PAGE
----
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Libya's Gadhafi Pressured To Leave Office

MELISSA BLOCK, Host:

From NPR News, this is ALL THINGS CONSIDERED. I'm Melissa Block.

MICHELE NORRIS, Host:

As NPR's Philip Reeves reports, with both sides digging in, attention is focusing on the power and the loyalty of Gadhafi's forces.

PHILIP REEVES: Much of his army has turned against him. So have powerful political friends. He's lost control of a huge chunk of the map. But Gadhafi's not finished yet. He still has a hardcore of support - a sort of praetorian guard, says Alia Brahimi, an expert on Libya from the London School of Economics. She says they are loyal.

ALIA BRAHIMI: It's not just the fact that they're guarding their economic and political privileges, but they do feel that they're fighting for their lives. In addition to some sort of indoctrination along the lines, I think they understand that their future lies with him.

REEVES: If Gadhafi fights on, possibly plunging Libya into civil war, military experts say he can count on at least 10,000 troops. There's an elite brigade led by one of his sons and a presidential guard led by another son. Right now Gadhafi can still call on the security services, some foreign mercenaries and big stockpiles of mostly Soviet-era weapons that Brahimi thinks he would be willing to use.

BRAHIMI: The fact that he is insisting that he will live and die in Libya does actually raise a specter of the fact that he might use everything that he has in his arsenal to the very end, to the very last bullet.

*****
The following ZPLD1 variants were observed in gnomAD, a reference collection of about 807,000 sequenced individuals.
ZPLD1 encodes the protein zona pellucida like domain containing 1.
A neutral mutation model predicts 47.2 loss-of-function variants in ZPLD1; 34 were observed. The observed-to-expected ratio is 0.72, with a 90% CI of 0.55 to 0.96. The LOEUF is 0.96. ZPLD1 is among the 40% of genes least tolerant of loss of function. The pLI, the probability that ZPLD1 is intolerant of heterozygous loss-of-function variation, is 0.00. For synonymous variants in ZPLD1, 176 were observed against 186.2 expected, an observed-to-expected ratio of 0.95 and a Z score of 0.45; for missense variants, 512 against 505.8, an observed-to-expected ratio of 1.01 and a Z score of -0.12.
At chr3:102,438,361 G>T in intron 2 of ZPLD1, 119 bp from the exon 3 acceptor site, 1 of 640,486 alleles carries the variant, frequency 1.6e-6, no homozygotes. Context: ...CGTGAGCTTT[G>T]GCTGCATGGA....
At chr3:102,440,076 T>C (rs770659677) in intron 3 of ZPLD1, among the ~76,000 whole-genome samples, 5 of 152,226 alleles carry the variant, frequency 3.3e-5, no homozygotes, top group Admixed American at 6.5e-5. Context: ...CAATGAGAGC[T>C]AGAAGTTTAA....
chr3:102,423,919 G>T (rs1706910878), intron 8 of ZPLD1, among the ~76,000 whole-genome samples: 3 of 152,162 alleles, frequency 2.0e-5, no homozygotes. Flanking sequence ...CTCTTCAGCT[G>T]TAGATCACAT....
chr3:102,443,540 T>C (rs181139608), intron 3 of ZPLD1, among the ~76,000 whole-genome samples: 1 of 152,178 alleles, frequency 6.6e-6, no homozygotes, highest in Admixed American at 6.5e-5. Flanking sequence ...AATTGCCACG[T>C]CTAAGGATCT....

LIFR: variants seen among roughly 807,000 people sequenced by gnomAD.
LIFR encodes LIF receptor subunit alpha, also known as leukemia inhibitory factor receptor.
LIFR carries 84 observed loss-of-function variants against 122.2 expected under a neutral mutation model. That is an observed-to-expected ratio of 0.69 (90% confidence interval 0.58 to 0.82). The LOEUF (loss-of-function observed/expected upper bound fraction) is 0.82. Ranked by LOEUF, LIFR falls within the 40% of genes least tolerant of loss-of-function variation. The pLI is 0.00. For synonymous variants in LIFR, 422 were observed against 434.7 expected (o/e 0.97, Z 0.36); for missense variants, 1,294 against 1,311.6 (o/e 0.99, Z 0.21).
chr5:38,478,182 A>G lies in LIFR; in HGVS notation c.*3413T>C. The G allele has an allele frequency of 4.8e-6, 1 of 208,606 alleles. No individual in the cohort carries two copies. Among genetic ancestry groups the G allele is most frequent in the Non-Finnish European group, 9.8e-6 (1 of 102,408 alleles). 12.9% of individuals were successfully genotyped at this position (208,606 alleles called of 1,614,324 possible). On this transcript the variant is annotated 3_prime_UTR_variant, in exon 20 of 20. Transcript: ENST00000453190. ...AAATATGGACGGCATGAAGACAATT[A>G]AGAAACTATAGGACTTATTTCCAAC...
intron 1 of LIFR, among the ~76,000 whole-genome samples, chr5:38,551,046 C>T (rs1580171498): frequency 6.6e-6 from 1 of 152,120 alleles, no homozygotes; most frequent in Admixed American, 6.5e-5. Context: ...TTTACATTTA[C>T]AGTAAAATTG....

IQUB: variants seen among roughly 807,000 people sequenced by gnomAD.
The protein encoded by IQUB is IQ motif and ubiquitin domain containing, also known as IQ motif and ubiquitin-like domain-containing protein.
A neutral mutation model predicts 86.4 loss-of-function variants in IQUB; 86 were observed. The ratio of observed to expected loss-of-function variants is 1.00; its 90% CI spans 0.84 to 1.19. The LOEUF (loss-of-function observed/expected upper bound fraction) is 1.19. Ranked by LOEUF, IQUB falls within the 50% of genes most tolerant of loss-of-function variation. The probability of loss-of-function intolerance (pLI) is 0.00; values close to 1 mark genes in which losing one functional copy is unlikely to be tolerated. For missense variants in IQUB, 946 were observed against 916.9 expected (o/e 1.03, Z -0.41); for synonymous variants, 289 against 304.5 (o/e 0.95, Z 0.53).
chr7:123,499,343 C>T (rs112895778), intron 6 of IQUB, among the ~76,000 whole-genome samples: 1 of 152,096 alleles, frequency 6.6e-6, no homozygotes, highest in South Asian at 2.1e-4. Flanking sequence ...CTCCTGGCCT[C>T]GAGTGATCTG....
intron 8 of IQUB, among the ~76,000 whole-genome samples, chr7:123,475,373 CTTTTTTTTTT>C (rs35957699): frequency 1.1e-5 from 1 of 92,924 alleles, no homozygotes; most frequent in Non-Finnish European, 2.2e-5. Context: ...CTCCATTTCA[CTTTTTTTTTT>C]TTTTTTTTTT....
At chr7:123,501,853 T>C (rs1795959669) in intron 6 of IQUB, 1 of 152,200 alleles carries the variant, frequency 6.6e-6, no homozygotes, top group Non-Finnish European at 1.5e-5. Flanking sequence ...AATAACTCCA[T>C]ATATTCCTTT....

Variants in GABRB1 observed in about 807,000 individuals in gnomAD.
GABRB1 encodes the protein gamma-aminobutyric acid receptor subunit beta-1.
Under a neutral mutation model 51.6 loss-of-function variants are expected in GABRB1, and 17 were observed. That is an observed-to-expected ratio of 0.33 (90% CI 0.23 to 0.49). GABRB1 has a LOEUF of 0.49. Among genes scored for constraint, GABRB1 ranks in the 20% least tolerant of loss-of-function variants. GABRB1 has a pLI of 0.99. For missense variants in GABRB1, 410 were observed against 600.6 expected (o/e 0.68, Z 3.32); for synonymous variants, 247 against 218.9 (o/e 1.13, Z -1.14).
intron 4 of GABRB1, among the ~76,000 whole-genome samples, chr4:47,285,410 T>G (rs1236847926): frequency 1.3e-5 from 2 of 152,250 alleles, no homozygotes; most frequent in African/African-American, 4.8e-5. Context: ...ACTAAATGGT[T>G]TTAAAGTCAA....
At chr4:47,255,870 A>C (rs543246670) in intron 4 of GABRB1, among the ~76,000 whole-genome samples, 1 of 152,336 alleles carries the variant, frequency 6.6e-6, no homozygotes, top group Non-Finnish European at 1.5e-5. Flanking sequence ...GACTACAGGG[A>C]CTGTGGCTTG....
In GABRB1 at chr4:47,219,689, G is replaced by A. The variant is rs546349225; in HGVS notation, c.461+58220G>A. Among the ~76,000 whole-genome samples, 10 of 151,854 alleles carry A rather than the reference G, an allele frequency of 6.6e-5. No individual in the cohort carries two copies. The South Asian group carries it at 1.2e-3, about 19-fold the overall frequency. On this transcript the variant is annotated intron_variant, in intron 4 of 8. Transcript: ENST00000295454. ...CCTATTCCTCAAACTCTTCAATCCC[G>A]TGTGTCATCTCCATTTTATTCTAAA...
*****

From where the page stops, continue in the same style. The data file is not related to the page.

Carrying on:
REEVES: David Hartwell, a Middle East analyst with the publishers of Jane's Defence Weekly, doubts this. He believes Gadhafi destroyed his stockpiles of these, as promised when he made his rapprochement with the West.

DAVID HARTWELL: I've heard lots of talk about it and it may be that there may be some sort of very crude bits and pieces lying around. But as far as the information that we're aware of, he doesn't have any.

REEVES: Some of Libya's tribes have long played a part in shoring up Gadhafi's power base. In particular, three tribes, says George Joffe of Cambridge University's Department of Politics and International Studies.

GEORGE JOFFE: Those three tribes, in effect, populate the security services. They populate, too, the Revolutionary Committee Movement, the movement that Gadhafi controls directly and that he uses to discipline the population. And they, therefore, represent a major source of power.

REEVES: Their support is far from certain. Joffe says elements within these tribes are now threatening to abandon Gadhafi, although they'll all eventually dump him if he ceases to provide them with access to resources and power. Gadhafi's mental state will be a huge factor in determining what happens next. Brahimi thinks he is unbalanced.

BRAHIMI: I think he doesn't respond to the incentive structures that most statesmen would. I don't think that he makes the same cost and benefit analyses that other statesman make.

REEVES: George Joffe cautions against dismissing Gadhafi as mad.

JOFFE: He is a calculating, effective manipulator of power. And I think we have to assume that even in these circumstances he is quite capable of making rational decisions.

REEVES: However, Brahimi does not rule out the possibility that Gadhafi will eventually successfully defend the rump of land he still holds.

BRAHIMI: It's not inconceivable because there's the one scenario where he lets the east go and he hangs onto the west and the east becomes some sort of independent entity.

REEVES: Philip Reeves, NPR News, London. Transcript provided by NPR, Copyright NPR.

NPR transcripts are created on a rush deadline by an NPR contractor. This text may not be in its final form and may be updated or revised in the future. Accuracy and availability may vary. The authoritative record of NPR’s programming is the audio record.

Philip Reeves is an award-winning international correspondent covering South America. Previously, he served as NPR's correspondent covering Pakistan, Afghanistan, and India.
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